A vehicle bill of sale form transfers the ownership of a vehicle from one party or parties (the Seller(s)) to another (the Buyer(s)). If the seller issues a warranty, that means the seller is assuring the buyer of the property transfer, much like a receipt. At the bottom of this page, you can find a blank, printable vehicle bill of sale template.
This should include all buyer names, and seller names (sometimes there is more than one buyer or seller. This is common among couples who put both their names on a vehicle), as well as the street addresses and any other relevant information. The seller must identify him or herself as the owner and explicitly state that he or she is transferring said property to the buyer.
To be considered legal, every vehicle bill of sale must have an official witness. This includes the full legal name and street address of the bill of sale’s witness.
This must include all pertinent vehicle information, including make, model, year, vehicle identification number (VIN), seller registration number, and physical details such as color, condition, and odometer reading. If the title of the vehicle has been applied in the past, this must also be specified.
This must specify the method of payment, the exact amount due, and payment schedule, including the number of installments and the date(s) that payment is due. If the vehicle is a gift, this must also be specified, and the relationship between the parties (parent/child, spouse/spouse) must be declared.
This must appear at the end and follow a direct statement conveying all parties’ agreement to the preceding terms of the vehicle sale, verifying the information contained in the document under penalty of perjury. It must include the signatures of the buyer, seller, and witness beside each of their printed full legal names, as well as the date the bill of sale is being signed.
Ease of tax reporting
Date of ownership transfer
Proof of ownership
Date of ownership transfer
Although a bill of sale form is an important part of the sale, it does not prove ownership. A title transfer, however, does prove ownership of a vehicle and finalizes the buying-selling transaction. A legally binding bill of sale makes the lives of both buyers and sellers substantially easier.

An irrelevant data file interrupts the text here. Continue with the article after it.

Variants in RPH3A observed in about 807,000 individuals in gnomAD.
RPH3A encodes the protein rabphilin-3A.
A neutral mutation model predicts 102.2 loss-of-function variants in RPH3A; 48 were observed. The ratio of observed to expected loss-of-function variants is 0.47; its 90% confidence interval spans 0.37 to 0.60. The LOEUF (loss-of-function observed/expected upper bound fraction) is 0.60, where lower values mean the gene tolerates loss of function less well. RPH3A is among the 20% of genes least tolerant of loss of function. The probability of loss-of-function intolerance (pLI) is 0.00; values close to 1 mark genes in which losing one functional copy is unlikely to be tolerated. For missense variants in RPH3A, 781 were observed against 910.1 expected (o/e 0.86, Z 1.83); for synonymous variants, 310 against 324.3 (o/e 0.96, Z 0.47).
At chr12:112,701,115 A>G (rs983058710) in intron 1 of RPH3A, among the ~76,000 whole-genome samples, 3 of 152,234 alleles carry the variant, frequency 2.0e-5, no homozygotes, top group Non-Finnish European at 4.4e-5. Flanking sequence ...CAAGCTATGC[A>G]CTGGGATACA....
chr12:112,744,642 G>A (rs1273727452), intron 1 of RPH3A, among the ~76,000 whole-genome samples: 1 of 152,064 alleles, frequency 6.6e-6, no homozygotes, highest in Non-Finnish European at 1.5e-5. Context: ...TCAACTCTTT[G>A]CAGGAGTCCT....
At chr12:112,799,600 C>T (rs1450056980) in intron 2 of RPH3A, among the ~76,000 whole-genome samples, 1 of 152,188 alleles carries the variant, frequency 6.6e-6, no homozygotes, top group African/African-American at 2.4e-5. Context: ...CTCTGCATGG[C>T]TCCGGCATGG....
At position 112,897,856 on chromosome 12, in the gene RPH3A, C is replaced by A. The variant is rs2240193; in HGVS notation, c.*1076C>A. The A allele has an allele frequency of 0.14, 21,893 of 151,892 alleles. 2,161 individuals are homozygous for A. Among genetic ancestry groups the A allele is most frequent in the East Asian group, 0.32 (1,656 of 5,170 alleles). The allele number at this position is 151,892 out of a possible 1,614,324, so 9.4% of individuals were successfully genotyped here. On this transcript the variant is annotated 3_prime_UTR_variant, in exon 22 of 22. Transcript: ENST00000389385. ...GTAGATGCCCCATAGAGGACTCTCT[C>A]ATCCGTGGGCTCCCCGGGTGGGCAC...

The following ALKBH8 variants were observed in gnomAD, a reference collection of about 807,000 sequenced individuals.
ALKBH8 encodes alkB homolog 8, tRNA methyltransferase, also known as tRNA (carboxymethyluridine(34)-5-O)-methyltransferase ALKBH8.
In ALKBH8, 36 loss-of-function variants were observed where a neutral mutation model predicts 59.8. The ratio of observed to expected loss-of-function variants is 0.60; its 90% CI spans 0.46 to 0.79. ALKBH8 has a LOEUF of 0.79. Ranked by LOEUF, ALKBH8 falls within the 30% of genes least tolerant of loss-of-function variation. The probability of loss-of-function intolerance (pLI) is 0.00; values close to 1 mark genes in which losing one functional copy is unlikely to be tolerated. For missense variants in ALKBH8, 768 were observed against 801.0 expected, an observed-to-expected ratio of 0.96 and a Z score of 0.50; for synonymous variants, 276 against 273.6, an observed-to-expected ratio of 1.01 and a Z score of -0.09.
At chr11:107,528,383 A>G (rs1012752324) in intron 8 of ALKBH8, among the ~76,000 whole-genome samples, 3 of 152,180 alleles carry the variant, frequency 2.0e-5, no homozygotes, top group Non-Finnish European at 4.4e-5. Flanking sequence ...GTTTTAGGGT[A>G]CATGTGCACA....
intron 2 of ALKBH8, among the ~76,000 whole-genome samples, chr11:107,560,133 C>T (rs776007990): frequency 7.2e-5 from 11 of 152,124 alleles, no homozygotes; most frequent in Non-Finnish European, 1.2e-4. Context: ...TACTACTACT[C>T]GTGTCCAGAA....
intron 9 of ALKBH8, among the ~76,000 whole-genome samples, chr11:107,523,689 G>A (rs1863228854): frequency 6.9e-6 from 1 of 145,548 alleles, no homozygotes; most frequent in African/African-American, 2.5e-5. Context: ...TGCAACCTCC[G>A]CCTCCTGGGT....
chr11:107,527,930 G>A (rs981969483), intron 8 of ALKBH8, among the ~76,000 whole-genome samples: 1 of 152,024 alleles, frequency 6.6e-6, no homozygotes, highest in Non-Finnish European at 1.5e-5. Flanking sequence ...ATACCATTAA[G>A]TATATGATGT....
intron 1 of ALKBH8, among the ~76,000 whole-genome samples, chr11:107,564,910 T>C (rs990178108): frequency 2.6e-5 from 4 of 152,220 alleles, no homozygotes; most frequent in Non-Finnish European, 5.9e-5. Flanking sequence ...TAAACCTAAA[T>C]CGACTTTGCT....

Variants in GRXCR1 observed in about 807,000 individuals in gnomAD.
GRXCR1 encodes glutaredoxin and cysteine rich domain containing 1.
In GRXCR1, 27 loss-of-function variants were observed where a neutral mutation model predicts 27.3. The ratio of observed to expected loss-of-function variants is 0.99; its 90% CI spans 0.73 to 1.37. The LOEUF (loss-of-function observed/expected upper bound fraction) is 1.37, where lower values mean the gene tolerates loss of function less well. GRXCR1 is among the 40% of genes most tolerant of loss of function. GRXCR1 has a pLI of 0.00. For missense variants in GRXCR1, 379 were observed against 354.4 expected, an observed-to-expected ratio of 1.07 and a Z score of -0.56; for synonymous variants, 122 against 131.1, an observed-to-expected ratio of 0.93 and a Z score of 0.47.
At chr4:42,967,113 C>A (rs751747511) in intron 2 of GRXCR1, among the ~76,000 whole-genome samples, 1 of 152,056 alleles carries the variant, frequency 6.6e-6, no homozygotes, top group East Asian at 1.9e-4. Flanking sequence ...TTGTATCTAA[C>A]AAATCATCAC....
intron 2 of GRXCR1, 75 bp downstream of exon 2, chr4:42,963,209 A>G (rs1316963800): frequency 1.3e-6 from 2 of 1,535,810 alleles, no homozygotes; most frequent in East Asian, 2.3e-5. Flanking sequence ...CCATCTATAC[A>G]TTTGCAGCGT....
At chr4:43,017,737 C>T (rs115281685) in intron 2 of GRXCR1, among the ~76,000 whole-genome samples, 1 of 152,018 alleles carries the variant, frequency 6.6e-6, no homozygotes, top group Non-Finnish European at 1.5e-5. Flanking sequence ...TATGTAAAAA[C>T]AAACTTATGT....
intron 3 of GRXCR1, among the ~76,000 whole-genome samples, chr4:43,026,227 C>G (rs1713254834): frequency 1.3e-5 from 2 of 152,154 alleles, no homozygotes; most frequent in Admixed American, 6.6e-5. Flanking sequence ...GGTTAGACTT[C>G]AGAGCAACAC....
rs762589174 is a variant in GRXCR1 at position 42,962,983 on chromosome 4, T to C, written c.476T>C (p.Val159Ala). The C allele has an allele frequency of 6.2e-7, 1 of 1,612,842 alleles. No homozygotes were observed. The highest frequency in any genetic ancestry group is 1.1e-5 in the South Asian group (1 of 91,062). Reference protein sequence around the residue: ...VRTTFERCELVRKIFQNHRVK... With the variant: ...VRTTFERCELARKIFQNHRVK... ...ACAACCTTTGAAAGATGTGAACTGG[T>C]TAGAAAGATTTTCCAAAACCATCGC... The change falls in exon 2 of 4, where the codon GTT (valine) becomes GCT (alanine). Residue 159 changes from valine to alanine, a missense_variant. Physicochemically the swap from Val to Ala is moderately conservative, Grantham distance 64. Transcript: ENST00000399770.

Planning to sell your car? Confused about how to do so? Want to make sure you get maximum value in your sale? Follow our step-by-step guide to help make sure you get the highest price possible and ensure you complete the process properly when selling your vehicle.
The first step in selling your car is to figure out how much your car is worth. Many online resources can easily help you do so, like this one: https://www.autotrader.com/car-values/.
Sites like this will most likely ask you general information about your car, including your zip code, make, model, year, body style, as well as actual mileage and the vehicle's condition.
Once you have a sense of what your car is worth, you’re ready to move on to Step 2. If your car is worth less than you’d hoped for, consider trading it in to a car dealership. You may be able to get more value for your car if offloading it is part of the purchase of a new or used vehicle.
Note: Each state has its laws regarding auto sales. Be sure to familiarize yourself with your state’s laws. You can find the necessary information on your state's Department of Motor Vehicles website. That being said, vehicle sales in virtually all states will require the following documents:
Title: Upon completion of the sale, you will sign the vehicle’s title over to the new owner. If the title is held by a bank, be sure to have the bank to sign over the title once the sale is complete.
If applicable, provide a list of any advertisements for the vehicle that the car has an outstanding balance. The process of transferring the title for a bank-owned car can be more complex. Transparency with any prospective buyer, therefore, will help the sale go smoothly.
Pro tip: Do any paperwork regarding the transfer of title at the bank that holds the title. You can also hire an escrow service to hold the title and manage the transferring of funds and title between you and your buyer. Escrow services generally charge a commission or a fee for their services, however, do not be put off by this extra expense. The extra protection is often worth the extra price.